COVID-19 might delay Maine’s adult-use cannabis launch beyond June

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The long-awaited launch of Maine’s recreational marijuana market could be delayed further because of the coronavirus, according to a memo from state regulators.

Earlier this month, a state agency projected that the first adult-use marijuana shops would open in June, three months later than the initial forecast. But now that timetable may be overly optimistic.

“Several communities preparing for local authorization and to opt-in for adult use – most notably those that serve as hosts to our prospective marijuana testing facilities – may have to postpone those actions due to the effects of COVID-19 on their communities,” according to the Maine Office of Marijuana Policy (OMP).

The agency went on to say that it “would be abdicating its responsibility as a regulator” if it attempted to launch a program “contrary to the social-distancing guidance” to combat the pandemic.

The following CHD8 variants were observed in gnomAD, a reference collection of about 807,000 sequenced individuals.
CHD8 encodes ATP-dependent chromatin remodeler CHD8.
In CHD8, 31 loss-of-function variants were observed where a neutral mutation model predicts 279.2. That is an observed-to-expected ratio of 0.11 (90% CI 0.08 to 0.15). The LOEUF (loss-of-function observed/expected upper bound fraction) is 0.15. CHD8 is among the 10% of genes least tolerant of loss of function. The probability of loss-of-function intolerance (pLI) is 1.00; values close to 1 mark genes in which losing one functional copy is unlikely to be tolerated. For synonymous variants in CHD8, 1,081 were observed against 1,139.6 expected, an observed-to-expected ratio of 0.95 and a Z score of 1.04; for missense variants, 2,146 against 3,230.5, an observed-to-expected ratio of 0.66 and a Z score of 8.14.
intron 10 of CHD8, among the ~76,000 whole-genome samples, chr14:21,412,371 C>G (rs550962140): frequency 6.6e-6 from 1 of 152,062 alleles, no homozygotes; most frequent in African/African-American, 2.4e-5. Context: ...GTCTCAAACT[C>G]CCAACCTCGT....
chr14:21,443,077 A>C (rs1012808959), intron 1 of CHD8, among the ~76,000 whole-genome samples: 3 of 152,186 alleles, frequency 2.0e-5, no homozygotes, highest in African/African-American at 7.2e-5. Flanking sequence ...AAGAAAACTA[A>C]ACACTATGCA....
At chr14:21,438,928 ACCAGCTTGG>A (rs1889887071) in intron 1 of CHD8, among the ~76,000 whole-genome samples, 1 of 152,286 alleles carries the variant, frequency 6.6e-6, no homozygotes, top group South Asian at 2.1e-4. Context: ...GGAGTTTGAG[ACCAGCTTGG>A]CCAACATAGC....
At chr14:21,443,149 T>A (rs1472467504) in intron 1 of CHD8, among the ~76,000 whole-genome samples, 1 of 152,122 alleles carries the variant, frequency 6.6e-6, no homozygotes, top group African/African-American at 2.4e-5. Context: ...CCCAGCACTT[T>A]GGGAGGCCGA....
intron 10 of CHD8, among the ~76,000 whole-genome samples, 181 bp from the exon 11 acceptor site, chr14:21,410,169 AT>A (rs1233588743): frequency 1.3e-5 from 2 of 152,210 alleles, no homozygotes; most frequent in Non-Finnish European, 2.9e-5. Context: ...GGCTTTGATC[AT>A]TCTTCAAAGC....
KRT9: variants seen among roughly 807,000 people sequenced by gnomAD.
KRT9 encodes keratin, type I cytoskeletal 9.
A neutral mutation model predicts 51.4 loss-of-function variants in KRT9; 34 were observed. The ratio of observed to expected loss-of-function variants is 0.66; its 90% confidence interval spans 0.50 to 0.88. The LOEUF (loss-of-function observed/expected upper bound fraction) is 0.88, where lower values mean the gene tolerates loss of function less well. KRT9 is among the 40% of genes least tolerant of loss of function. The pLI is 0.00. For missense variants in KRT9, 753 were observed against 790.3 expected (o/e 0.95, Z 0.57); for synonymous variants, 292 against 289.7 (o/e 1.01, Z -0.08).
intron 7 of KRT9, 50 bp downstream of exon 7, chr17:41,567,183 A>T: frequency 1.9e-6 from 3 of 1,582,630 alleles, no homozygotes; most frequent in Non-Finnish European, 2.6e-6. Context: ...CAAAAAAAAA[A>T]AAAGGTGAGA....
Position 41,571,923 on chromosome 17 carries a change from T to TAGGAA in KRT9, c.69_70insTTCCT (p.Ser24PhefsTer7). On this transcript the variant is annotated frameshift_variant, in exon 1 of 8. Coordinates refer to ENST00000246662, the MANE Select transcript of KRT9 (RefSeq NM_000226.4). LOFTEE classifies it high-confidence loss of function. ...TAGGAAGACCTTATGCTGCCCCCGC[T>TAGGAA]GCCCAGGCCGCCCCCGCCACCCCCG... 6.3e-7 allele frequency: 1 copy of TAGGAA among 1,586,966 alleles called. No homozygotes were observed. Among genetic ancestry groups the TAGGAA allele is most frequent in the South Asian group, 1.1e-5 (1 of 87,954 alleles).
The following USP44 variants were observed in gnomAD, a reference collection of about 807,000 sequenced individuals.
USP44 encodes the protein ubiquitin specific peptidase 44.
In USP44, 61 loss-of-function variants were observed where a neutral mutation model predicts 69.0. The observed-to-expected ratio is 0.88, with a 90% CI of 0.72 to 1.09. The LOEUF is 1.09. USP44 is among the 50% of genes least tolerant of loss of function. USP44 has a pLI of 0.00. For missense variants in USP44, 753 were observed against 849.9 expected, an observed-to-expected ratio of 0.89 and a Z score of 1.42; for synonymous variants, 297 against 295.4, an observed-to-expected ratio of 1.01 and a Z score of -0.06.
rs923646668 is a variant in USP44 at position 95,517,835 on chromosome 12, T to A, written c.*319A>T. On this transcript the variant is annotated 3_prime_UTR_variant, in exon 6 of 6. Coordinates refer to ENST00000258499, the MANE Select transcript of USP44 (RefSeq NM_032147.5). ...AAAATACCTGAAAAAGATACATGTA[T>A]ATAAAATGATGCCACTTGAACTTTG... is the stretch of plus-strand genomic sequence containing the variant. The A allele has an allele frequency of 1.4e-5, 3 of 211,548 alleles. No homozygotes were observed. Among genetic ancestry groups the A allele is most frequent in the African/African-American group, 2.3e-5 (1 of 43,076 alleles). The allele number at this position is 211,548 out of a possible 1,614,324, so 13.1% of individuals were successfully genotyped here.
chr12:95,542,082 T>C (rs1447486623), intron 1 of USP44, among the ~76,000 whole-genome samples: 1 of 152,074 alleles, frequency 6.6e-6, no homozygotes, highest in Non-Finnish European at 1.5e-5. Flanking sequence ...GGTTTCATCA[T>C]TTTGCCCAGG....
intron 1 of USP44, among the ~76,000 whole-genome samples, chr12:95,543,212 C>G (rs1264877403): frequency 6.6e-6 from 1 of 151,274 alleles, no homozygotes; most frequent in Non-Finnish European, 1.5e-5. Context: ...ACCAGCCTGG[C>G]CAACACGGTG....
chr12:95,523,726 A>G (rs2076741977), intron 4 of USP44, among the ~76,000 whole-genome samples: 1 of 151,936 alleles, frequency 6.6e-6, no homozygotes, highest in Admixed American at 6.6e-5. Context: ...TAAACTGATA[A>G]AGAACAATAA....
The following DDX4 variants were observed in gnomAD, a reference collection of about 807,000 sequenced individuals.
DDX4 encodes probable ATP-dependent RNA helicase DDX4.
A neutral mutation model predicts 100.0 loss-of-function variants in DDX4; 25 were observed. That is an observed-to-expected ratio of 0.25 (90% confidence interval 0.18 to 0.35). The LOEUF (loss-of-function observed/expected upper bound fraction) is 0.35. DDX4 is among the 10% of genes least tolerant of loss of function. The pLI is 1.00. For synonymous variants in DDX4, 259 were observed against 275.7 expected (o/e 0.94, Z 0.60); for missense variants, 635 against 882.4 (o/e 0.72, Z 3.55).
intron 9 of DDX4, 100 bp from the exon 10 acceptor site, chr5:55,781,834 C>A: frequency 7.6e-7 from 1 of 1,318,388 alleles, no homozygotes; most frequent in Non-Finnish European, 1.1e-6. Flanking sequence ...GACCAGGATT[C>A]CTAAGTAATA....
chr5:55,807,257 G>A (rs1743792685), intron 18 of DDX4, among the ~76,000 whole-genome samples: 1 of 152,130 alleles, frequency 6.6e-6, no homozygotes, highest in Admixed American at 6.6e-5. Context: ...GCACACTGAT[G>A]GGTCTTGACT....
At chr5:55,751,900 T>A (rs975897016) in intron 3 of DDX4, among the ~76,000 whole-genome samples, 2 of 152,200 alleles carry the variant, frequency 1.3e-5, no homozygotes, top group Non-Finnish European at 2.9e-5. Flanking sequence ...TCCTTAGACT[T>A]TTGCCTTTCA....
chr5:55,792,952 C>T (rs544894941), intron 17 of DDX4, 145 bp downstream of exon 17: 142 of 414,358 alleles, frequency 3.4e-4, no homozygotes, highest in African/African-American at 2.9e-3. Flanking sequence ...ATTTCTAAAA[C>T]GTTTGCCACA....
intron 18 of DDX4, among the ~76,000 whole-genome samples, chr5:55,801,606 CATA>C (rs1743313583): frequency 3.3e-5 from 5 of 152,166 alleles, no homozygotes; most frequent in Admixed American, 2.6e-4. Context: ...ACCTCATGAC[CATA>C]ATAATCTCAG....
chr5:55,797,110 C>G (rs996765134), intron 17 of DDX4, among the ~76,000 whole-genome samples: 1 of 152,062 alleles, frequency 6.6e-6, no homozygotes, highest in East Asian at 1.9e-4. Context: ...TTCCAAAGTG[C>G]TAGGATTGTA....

However, OMP said it would be “business as usual” in terms of licensing new businesses for the state’s adult-use marijuana program.

Regulators awarded conditional licenses to 31 recreational cannabis operations on March 13, “and we expect that additional conditional licenses may be issued by as soon as (March 27),” according to the memo, which was sent to licensed medical marijuana businesses as well as adult-use license applicants.

The state has been trying to launch a recreational program since Maine voters legalized adult-use sales in 2016.

For more of Marijuana Business Daily’s ongoing coverage of the coronavirus pandemic and its effects on the cannabis industry, click here.